Your limbs felt too heavy, like mud or old stone, even the pain in your wrists fading out now and you did not know if it was the drugged air or the lack of it that was consuming you, threatening to pull you down into that earth beneath your broken paws. There was only gray and white now, the world silent, and maybe you had died on that tree ages ago and this was all that remained, this crawl through the nothingness, and maybe you would have thought that if it weren't for this starving fire in your brain that would have traded your very consciousness for a single, final breath, one last grasp at life.

And just as everything you were began to fade at the edges of your vision, that fire in your brain was exploding in your paws, then your nose and your eyes and awareness flooded painfully into you and made you think burning pile.

You were in the burning pile of herbs. For a moment, you were nothing but smoke and poisoned fire.

But only for a moment, and then the world was again before you and the grove was behind you and you sucked the tainted air without caring what it would do to you, because you no longer had a choice. The grass was soft and clean; the river ran beyond, brown with silt and silver with sunlight. You scrambled for it, burning back to life, pushing your weeping jaws into the shallows and swallowing mindlessly.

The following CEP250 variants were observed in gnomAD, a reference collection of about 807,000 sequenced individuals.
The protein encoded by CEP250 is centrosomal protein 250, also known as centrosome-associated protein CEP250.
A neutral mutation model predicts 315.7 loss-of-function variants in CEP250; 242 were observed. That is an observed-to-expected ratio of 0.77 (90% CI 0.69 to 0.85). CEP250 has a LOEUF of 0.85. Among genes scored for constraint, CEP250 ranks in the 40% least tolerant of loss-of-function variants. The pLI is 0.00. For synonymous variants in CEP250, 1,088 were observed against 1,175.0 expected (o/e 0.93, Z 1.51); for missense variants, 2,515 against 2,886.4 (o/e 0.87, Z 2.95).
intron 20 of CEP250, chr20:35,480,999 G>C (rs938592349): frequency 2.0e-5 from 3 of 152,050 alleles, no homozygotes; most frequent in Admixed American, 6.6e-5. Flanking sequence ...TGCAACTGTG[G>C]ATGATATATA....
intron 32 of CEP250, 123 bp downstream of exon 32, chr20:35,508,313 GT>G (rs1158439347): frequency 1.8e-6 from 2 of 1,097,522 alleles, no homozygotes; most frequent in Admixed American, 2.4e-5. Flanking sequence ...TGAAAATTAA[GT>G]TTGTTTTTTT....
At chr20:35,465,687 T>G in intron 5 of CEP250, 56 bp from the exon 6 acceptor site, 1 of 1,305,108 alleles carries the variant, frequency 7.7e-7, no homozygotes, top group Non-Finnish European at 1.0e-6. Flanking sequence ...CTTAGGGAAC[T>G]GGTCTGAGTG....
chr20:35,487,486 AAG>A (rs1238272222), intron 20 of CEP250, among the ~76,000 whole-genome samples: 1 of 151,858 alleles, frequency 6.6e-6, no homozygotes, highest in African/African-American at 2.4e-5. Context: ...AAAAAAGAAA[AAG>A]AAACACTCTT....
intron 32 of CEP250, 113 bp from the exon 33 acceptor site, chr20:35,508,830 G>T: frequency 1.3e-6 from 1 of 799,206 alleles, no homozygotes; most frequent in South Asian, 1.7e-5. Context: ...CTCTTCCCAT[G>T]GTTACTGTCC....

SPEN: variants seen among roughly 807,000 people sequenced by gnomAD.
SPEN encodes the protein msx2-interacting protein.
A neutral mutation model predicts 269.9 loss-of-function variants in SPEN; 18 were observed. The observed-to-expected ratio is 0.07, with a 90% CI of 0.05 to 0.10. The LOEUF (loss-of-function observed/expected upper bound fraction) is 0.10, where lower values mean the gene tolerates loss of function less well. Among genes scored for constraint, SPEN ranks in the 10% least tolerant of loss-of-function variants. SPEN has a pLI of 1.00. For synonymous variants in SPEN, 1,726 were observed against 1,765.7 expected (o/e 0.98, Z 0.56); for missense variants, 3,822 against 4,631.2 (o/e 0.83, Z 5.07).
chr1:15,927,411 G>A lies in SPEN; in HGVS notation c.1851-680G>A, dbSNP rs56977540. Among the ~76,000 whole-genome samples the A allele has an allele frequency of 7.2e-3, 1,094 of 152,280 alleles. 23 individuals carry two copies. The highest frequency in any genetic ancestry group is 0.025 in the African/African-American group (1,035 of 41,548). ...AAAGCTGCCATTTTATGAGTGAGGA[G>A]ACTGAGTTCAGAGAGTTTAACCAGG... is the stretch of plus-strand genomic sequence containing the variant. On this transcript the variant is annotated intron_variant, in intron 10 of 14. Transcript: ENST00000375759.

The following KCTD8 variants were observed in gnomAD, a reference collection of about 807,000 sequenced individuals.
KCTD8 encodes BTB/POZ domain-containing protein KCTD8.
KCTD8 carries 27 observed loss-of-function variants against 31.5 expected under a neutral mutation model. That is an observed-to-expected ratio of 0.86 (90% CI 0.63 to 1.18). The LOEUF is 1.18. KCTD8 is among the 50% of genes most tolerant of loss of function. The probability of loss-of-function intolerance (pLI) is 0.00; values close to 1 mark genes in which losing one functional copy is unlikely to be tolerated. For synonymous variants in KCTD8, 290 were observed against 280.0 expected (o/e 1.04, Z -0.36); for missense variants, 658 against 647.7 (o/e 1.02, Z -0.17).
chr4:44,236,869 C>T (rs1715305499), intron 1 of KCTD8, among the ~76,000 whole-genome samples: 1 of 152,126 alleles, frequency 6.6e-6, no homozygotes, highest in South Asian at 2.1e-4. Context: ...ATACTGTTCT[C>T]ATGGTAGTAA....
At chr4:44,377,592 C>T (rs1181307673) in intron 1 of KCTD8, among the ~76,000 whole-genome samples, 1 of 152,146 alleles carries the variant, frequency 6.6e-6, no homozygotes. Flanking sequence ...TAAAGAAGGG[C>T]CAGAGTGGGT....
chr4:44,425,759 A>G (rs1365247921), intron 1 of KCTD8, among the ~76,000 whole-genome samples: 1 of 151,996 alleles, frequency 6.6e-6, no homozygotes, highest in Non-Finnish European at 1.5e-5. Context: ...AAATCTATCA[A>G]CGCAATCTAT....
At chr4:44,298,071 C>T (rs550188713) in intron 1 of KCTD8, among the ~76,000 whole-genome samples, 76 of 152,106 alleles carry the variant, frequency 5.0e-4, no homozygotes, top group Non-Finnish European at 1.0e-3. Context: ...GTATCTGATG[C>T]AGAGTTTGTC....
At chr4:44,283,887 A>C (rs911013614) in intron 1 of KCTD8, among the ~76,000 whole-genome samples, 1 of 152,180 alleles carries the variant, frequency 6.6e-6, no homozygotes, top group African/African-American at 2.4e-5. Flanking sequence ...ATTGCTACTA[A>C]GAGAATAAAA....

Even as the sweet, sickly heat in your throat faded, the smoke and the fire and the pain had already claimed the sight from your eyes. They had you and you were theirs. The last thing you heard before your body slid uselessly forward into the river was the dead air where the sounds of dying had lingered, where the smoldering crackle of herbs was now fading out. But you were a Flitchaye and you did not feel fear. You had always seen it coming. And in the last of the light, you knew only a sense that something more than meat or victory or even survival had passed before your paws in an instant, that you had reached out and caught it, and you had won.